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Electric Motor Diagnosis: Troubleshooting Electric Motor Issues

Tesla Model S motor
Tesla Model S powertrain (motor). Image Credit: Kompulsa (taken at the NAIAS).

If your electric motor isn’t working, there are several possible causes. A good practice is to start by confirming if the motor itself is causing the problem, as motors are often driving some other mechanism which can fail.

Lubrication Failure: Check For Grease Or Oil

Observe if a motor is permanently lubricated with grease or if it relies on a fluid such as oil, and then check to see if there is enough of that lubricant in the bearing. Most small electric motors are ‘permanently’ lubricated with grease, which sometimes burns out. Don’t use oil to lubricate a motor that was built to be greased. The oil will dry up very quickly and cause premature failure.

Remove the shaft from the bearing or vice versa and clean the shaft/bearing so you can apply fresh grease. This is a surprisingly common solution to many electric motor failures. It’s very common for grease to dry up or become overly sticky (that’s why you have to clean out the old grease).

Electric Motor Failure Due To External Causes (Jamming)

An electric motor might be driving a gearbox, pulley, or other mechanism that may be jammed or seized due to a lack of lubricant or damaged gears. Even in the case of a fan, the blade might just be jammed by a twig, leaves, ice, or even an animal (an issue that occurs with air conditioner condenser fans and central A/C blowers). To confirm if this is the problem, check if the mechanism the motor is attached to can turn freely (you may want to detach the motor, just in case the motor itself is seized).

An unfortunate consequence of such a scenario is that the motor itself won’t be able to turn, and as a result may malfunction permanently due to overheating. If a motor does not have an internal overload protector (IOL), it may draw excessive amounts of current (this is often referred to as the Locked Rotor Amperage/LRA) until the coils heat up and melt the insulation. The end result is a short circuit and the motor’s coils would have to be rewound.

This process can occur in a matter of seconds, days, or even years depending how close the motor is to its rated insulation breakdown temperature. Generally, a motor’s coils will last much longer if they are not subjected to excessive amounts of heat.

Tripped Internal Overload Protector (IOL)

A motor’s internal overload protector might shut your motor off for a certain time period so it can cool off. These protectors can be triggered by the jamming issue mentioned above (because this causes overheating), and the motor may appear to have malfunctioned. If a motor abruptly stops working and you don’t smell anything or see any smoke, wait at least 15 minutes and check to see if it will turn back on (after ensuring it is lubricated and removing the obstruction that jammed it).

Insulation Failure (Short-circuited Coils)

Over time, an electric motor’s insulation deteriorates gradually — and the crucial purpose of the insulation is to prevent the coils from coming into contact with each other (which shorts them out). If the insulation fails completely, the motor’s coils will have to be replaced (a process known as rewinding motors).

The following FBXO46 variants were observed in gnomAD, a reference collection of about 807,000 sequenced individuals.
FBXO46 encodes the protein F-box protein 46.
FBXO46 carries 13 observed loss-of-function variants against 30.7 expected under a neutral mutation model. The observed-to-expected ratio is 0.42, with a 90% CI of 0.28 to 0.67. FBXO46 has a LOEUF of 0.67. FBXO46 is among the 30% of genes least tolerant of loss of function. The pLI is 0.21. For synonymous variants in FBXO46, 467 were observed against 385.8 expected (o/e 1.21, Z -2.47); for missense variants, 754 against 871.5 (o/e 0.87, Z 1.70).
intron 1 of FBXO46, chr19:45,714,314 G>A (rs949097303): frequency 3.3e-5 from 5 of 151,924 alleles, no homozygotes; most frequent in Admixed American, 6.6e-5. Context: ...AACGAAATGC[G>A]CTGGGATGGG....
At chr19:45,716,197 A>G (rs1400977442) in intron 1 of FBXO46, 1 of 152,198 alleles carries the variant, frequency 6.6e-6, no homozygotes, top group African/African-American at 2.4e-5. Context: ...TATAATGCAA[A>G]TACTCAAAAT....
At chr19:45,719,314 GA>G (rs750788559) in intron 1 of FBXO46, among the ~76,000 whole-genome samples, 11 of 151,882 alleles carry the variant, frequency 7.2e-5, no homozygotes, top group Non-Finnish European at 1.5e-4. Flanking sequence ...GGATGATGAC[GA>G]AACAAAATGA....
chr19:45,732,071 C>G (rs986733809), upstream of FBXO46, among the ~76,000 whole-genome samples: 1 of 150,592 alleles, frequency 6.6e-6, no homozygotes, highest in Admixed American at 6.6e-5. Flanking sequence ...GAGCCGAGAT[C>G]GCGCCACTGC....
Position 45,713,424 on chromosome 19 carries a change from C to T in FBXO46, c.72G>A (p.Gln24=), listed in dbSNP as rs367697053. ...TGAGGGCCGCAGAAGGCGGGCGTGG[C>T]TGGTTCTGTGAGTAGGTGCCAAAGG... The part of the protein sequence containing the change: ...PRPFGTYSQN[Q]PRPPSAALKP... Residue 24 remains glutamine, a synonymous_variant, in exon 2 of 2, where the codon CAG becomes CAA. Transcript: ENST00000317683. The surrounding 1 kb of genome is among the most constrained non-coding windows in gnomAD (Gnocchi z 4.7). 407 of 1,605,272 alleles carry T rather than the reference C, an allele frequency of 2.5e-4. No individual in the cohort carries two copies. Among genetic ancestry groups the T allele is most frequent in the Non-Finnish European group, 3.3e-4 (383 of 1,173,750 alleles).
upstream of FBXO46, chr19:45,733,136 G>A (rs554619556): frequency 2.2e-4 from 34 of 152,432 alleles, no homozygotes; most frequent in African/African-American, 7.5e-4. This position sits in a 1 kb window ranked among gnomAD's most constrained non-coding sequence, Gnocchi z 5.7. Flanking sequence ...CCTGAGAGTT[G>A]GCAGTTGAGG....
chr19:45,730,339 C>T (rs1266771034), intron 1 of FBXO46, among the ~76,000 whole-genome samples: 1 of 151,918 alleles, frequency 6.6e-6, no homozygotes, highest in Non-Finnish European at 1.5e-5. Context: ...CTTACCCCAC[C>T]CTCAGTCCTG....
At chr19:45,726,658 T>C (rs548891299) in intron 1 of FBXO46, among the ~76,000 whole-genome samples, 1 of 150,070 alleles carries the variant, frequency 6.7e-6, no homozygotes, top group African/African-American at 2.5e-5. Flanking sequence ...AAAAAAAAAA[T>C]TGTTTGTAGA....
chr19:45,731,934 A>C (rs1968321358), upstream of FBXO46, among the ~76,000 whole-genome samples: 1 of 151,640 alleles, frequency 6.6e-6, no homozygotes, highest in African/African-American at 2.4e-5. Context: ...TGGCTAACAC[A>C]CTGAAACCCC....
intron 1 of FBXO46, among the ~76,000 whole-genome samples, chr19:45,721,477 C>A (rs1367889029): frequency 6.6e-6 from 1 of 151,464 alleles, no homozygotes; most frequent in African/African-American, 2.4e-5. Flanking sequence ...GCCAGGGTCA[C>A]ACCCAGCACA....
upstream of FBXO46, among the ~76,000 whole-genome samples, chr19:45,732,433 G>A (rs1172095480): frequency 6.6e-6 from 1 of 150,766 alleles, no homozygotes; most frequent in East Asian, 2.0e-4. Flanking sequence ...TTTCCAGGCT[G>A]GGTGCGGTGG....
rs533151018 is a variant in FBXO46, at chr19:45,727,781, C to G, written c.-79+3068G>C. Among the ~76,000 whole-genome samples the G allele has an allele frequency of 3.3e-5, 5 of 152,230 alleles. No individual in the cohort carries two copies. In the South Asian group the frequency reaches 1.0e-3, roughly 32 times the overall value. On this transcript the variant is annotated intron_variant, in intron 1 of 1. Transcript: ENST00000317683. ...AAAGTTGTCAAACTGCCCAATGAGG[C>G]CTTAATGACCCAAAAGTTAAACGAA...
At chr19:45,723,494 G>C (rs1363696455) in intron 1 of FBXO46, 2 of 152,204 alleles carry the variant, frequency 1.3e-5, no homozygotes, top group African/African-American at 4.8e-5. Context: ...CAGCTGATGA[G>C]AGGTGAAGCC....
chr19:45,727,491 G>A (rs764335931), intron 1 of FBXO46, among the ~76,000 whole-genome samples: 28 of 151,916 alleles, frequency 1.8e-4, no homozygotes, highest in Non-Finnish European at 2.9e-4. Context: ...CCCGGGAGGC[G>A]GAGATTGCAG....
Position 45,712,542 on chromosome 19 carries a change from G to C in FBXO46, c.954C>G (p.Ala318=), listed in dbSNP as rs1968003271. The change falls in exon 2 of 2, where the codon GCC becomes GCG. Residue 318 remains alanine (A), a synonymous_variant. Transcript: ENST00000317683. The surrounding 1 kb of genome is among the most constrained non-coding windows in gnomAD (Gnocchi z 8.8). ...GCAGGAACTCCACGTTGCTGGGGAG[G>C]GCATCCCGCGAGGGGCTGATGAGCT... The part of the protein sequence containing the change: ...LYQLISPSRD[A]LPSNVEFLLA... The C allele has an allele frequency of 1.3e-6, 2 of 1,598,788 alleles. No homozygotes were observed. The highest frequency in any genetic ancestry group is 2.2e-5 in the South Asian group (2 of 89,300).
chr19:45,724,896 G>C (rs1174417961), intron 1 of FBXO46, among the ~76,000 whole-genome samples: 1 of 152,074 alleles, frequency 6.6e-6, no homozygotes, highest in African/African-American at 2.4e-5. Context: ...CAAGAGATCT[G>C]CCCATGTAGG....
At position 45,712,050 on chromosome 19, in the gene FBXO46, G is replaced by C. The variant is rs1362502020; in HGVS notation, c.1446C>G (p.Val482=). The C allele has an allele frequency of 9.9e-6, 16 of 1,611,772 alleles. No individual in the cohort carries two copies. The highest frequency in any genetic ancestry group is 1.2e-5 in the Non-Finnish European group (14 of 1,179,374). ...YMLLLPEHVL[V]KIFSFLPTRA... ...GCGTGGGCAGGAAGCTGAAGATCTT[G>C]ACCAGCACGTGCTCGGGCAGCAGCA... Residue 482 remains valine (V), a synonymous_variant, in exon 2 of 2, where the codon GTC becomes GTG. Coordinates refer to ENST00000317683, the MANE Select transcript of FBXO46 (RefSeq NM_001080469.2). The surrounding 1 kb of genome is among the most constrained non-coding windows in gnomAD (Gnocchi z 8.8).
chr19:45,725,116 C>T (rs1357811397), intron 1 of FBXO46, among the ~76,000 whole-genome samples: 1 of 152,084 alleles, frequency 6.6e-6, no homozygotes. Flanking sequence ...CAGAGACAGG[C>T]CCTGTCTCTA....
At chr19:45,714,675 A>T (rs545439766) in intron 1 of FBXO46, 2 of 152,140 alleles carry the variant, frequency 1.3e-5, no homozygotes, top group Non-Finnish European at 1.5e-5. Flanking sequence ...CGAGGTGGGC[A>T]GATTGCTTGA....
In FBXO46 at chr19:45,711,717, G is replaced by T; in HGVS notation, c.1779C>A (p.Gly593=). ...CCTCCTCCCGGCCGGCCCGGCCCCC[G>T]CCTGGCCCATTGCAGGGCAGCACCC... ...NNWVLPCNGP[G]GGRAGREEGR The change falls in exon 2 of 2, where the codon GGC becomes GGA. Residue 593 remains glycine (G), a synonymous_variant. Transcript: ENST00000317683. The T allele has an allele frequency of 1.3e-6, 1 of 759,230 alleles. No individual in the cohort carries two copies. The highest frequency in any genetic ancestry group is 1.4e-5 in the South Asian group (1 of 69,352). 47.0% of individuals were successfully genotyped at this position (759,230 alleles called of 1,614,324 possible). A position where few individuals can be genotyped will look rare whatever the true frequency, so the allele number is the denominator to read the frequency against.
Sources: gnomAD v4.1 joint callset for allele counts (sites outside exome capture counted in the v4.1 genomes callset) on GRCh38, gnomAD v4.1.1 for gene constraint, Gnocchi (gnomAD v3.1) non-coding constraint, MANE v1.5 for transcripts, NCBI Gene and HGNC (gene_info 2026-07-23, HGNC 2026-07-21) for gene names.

You can test insulation by checking the motor coils’ resistance with a multimeter and see if that matches what it is supposed to be. You can calculate what a coil’s resistance should be with the help of Ohm’s Law.

Check For Worn Bearings

Bearing failures are among the most common electric motor failures. If you find that an electric motor’s shaft cannot turn or is unusually stiff — that could have been caused either by a lack of lubrication or a failed bearing. Deteriorating bearings may also cause squeaking noises. Once again, ensure that the bearings are lubricated before deeming them faulty.

Faulty Brushes

Motor brushes (black rectangular chunks of carbon attached to springs) wear down over time, and that may cause your motor to malfunction. However, there is usually a warning such as noise, slower operation than usual, or intermittent failures. Look at the brushes to see if they firmly contact the commutator (the cylindrical copper device that spins between the brushes). If they don’t, that may be your problem. Brushes in larger motors are replaceable and usually inexpensive.

Faulty Electronic Commutator Module (ECM)

Brushless electric motors usually utilize some form of electronic commutator (with the exception of permanent-split capacitor-start, shaded pole, and some other AC current-powered motors). The electric commutator is a circuit board that may or may not be located inside the motor itself (although it is usually inside the motor).

One common example of motors without the ECM built in, but attached to the underside or near the motor is hard drive spindle motors. Diagnosis of faulty electronic commutators is unfortunately not a terribly straightforward process. One thing you can do is to check the voltage coming from the ECM (the terminals where the ECM supplies power to the motor itself).

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